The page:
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Nepal, France sign MoU on launching Nepal’s own satellite

Nepal Telecommunications Authority and Thales Alenia Space, France signed on an agreement on providing technical and financial support to Nepal’s willingness of operating and managing its own satellite. They will materialize the agreement details in the coming months. This is a great opportunity for the Himalayan nation to leapfrog in the field of communication. Nepal does not have its own satellite and this has been a hurdle for providing effective telecommunication services.

Nepal has more than 80% of land covered with mountains making it essential to its own communication satellite. All the telecom service providers in Nepal rely on the satellite link from other countries. Although Nepal is set to launch its own satellite with the help of Japan by mid-May, the use of that satellite will be in a different field. NAST is overseeing the launch of this satellite and is expected to operate from late June.

The scope of communication satellite in Nepal

Although our country does not have its own satellite, the service providers are using satellite from other countries. There is no doubt that having its own satellite will be beneficial for the nation. Some of the scope of having a communication satellite can be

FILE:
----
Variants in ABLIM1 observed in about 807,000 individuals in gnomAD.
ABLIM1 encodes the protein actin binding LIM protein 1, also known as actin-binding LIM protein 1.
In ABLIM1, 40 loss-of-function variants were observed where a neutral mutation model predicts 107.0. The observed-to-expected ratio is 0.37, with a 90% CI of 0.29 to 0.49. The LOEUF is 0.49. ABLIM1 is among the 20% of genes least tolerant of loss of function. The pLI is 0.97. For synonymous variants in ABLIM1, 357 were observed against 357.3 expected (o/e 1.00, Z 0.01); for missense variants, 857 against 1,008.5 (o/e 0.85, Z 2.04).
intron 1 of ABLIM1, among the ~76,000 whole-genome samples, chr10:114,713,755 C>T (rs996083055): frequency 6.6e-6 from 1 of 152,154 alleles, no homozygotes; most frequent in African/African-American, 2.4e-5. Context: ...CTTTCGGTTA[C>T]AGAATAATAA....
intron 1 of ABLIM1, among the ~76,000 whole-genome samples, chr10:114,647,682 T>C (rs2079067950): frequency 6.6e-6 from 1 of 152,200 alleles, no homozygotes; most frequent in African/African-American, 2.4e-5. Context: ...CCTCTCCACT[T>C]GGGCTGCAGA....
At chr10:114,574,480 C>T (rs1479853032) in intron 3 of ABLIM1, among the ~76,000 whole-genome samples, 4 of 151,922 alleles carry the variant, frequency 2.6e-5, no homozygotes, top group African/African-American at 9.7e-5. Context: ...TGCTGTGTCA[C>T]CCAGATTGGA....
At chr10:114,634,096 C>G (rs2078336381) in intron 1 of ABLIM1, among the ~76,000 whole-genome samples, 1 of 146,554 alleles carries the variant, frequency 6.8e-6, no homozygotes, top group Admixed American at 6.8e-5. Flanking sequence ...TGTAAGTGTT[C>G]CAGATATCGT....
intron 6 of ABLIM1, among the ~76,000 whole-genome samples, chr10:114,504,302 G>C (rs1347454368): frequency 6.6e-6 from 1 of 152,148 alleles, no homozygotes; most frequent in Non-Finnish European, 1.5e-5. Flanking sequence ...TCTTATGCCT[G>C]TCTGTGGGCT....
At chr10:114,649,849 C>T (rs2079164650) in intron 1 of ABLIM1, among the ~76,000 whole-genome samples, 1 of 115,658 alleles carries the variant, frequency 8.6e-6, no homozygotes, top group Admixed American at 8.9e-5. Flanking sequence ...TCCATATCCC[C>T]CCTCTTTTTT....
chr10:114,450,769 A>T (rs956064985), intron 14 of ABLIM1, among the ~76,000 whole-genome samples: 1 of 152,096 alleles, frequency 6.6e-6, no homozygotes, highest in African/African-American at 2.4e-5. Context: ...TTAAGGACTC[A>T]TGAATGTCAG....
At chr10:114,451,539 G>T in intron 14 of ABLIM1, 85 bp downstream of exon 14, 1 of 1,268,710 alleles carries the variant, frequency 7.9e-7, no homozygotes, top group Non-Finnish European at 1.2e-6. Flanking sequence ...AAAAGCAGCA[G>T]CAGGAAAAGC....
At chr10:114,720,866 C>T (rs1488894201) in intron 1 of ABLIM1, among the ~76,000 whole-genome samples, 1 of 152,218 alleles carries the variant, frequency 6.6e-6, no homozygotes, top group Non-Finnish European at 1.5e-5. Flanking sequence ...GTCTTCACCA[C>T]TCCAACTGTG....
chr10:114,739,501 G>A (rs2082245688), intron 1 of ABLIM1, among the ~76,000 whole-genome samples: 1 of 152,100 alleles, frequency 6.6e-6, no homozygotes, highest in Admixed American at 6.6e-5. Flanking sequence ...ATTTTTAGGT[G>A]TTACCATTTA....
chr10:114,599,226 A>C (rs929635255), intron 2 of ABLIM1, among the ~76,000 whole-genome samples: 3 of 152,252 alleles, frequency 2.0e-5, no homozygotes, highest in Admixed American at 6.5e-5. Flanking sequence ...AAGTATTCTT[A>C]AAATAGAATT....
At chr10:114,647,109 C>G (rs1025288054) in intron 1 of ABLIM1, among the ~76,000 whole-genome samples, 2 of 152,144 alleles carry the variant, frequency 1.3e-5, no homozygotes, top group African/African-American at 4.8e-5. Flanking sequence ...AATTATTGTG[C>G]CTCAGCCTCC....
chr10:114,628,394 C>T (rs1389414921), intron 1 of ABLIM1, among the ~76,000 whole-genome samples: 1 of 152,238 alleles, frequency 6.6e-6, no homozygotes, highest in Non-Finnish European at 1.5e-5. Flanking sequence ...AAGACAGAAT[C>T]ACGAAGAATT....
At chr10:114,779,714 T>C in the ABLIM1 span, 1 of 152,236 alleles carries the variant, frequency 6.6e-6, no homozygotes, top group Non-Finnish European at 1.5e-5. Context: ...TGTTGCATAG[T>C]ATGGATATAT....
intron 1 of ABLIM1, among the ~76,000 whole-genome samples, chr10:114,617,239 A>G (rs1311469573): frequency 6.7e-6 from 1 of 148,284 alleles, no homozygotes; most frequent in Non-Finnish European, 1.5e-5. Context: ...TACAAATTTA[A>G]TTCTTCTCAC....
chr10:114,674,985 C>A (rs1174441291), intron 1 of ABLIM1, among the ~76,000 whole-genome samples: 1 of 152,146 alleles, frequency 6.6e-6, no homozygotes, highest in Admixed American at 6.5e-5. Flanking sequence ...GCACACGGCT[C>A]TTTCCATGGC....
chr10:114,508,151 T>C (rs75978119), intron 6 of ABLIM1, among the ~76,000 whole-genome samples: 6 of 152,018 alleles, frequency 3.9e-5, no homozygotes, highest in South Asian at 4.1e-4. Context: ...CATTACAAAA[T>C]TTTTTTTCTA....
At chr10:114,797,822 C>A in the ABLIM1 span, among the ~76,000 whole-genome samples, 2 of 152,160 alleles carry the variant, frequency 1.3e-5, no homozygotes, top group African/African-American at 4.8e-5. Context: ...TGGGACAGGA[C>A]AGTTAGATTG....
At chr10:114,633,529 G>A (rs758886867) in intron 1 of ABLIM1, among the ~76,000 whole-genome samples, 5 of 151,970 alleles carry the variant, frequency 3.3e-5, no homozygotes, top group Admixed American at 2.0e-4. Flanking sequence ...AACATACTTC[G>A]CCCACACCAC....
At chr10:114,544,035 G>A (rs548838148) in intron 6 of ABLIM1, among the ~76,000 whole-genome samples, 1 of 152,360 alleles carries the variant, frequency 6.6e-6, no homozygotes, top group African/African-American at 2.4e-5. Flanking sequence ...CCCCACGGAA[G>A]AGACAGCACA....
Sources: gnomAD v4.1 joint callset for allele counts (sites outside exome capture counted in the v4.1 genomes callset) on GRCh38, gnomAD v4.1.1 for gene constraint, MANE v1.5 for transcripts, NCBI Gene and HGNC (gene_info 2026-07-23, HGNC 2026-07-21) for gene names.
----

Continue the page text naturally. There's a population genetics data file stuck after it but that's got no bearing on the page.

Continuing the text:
• Many service providers in Nepal from broadcasting and telecommunication sectors, rely on Communication Satellite to provide their services.
  • International satellite bandwidth costs more money compared to having own satellite.
  • Satellite demand is increasing in the application like DTH, Cable heads, and other fields.
  • A satellite is a good alternative for communication in places where fiber cable and microwave links are not feasible or difficult.
  • DTH service has been growing largely in the region and there is an availability of paid channels along with licensed services are available form other countries as well.
  • Satellite bandwidth becomes essential in providing rural internet along with cellular/mobile networks (2G, 3G, 4G).

A communication satellite is an artificial object in the space that uses a transponder to relay and amplify the radio communication signals. The main job of this satellite is to create a communication channel between the transmitter or source and receiver. The receiver can be located across different places on earth. The communication satellites are widely used by television, radio, telecommunication and military based organization. There are more than 2000 communication satellites used by different governments and private organizations. The communication satellites are mostly geostationary, meaning they are immovable on their orbit. This satellite can communicate with the satellite dish antenna on the earth which points towards the direction of the satellite in the sky.

ITU Allocation for Nepal’s own satellite